Today we take a look at the first major software update of the year for the Samsung Galaxy smartphone line. This update was announced by Samsung as part of the monthly security update program, which will be announced as Galaxy S, Galaxy Fold, Galaxy Note and a variety of business models. This is part of the reason why, if you are a user of a Samsung phone that does not normally buy an S or a Note, it might be time to consider a change. *
How do I update my Samsung phone?
Open Settings and scroll to the end (almost) of the end of the list and look for System Updates. Touch System Updates, then search and touch “Check for system updates.” If there is no software update available, you will have the latest update or want to check again later in the week to see if the update was made available to you. Sometimes it takes a while to reach all phones, don’t worry!
January 2020 Security Maintenance Version (SMR)
The package released in January 2020 includes patches from both Samsung and Google, for specific hardware models and for Android in general. While it is almost always a good idea to accept software updates from the manufacturer of your smartphone, especially security updates, let’s take a quick look at some vulnerabilities that this update patched, just to see why we want this package.
Samsung listed 17 specific elements of “Samsung Vulnerabilities and Exposures (EVS)” in its January 2020 security software update. That’s 17, not including the patches provided by Google. The vulnerability fixes provided by Google included 35 patches for January alone, plus a couple more that were not applicable to Samsung devices.
The list below includes the titles of a set of vulnerabilities patched by the January 2020 security update provided by Samsung for Android smartphones made by Samsung.
January 2020 vulnerabilities patched for Samsung Android devices
• Brute force attack on the screen lock password
• The improperly aligned size check leads to buffer overflow in the secure boot loader
• Battery overflow in the kperfmon controller
• Battery overflow in the display controller
• Caching data leak in the Gallery
• Battery overflow in the baseband
• Loss of kernel stack address
• FRP derivation with AppTray
While there are a total of 17 vulnerabilities patched by Samsung in this most recent update, not all of them were listed by Samsung in the software update notes. This is completely normal when it is important that there is a solution on as many devices as possible before potential malicious users can exploit those users who have not yet received such a patch.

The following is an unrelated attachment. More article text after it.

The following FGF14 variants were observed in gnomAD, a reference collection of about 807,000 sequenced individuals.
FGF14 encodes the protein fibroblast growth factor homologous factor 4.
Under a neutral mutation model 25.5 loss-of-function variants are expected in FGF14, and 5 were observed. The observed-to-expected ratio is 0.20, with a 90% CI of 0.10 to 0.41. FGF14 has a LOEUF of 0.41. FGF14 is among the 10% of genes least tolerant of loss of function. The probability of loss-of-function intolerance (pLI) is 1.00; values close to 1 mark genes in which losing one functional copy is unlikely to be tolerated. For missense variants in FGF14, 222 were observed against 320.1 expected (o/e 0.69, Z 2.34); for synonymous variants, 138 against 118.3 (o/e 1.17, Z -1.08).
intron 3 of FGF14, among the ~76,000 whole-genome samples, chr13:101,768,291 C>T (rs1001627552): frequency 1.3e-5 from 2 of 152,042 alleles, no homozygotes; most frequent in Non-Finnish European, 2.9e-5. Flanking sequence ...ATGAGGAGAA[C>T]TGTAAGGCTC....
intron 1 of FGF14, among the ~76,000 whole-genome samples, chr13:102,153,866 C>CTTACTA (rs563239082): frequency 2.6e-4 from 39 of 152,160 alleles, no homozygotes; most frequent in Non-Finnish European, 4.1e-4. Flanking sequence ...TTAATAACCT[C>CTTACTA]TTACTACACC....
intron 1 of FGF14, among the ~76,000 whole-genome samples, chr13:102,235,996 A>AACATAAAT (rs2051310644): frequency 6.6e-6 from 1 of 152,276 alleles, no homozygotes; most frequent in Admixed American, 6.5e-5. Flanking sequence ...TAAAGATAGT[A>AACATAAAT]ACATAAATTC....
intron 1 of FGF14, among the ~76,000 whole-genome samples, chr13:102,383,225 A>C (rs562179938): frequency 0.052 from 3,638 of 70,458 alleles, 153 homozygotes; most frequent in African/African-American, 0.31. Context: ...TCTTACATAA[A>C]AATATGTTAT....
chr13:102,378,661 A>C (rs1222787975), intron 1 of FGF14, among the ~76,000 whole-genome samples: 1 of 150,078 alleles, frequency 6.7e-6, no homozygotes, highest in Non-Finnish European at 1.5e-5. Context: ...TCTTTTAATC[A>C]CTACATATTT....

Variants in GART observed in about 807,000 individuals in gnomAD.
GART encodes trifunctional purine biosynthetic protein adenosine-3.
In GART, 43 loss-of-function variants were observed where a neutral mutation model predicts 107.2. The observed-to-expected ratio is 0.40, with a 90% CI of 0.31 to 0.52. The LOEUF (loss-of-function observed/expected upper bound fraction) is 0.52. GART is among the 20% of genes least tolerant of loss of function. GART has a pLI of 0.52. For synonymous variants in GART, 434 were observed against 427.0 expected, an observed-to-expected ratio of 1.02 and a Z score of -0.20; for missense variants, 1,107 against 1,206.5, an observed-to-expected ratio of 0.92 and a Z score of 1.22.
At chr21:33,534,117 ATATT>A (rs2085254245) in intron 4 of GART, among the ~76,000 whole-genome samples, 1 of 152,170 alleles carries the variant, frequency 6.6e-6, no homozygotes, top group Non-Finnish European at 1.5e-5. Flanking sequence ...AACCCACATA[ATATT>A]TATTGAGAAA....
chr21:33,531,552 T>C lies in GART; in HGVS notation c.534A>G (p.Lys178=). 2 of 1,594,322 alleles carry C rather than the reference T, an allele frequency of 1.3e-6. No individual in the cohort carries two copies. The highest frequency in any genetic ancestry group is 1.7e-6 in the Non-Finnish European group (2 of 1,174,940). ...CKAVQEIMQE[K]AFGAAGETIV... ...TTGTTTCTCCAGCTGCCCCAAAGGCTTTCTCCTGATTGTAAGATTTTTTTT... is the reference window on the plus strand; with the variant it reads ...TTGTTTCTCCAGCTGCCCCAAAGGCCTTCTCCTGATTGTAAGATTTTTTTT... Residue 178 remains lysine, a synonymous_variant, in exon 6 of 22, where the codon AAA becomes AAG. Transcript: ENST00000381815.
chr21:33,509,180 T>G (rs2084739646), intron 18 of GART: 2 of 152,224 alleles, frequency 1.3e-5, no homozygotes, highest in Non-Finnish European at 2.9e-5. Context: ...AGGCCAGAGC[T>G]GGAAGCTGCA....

The phone model dictates the regularity of update
* Samsung has a security software update program that runs at different intervals depending on the phone model. If you have a higher-priced phone, that generally means that you will receive updates more frequently than Samsung’s wide variety of lower-priced hardware. The exception to this rule seems to be on devices specified as business models.
Samsung Galaxy S models currently receiving “monthly security updates” from Samsung are: Galaxy S8, Galaxy S8 +, Galaxy S8 Active, Galaxy S9, Galaxy S9 +, Galaxy S10, Galaxy S10 +, Galaxy S10e, Galaxy S10 5G. Samsung also includes the Galaxy Fold on the same list as its Galaxy S devices set for monthly updates.
Samsung includes the following Galaxy Note devices among which they currently receive monthly security updates: Galaxy Note8, Galaxy Note9, Galaxy Note10, Galaxy Note10 5G, Galaxy Note10 +, Galaxy Note10 + 5G. The only other Galaxy Note device that is still in the scope of Samsung’s security support is the Samsung Galaxy Note FE, which appears on a list of “regular security updates” from Samsung, which means from time to time, such Once a year.
Business models in the monthly collection of Samsung security updates include: Galaxy A5 (2017), Galaxy A8 (2018), Galaxy A50, Galaxy XCover4s, Galaxy XCover FieldPro. Recent Samsung tablets and a wide variety of Galaxy A, J and M models appear in the list of quarterly security updates.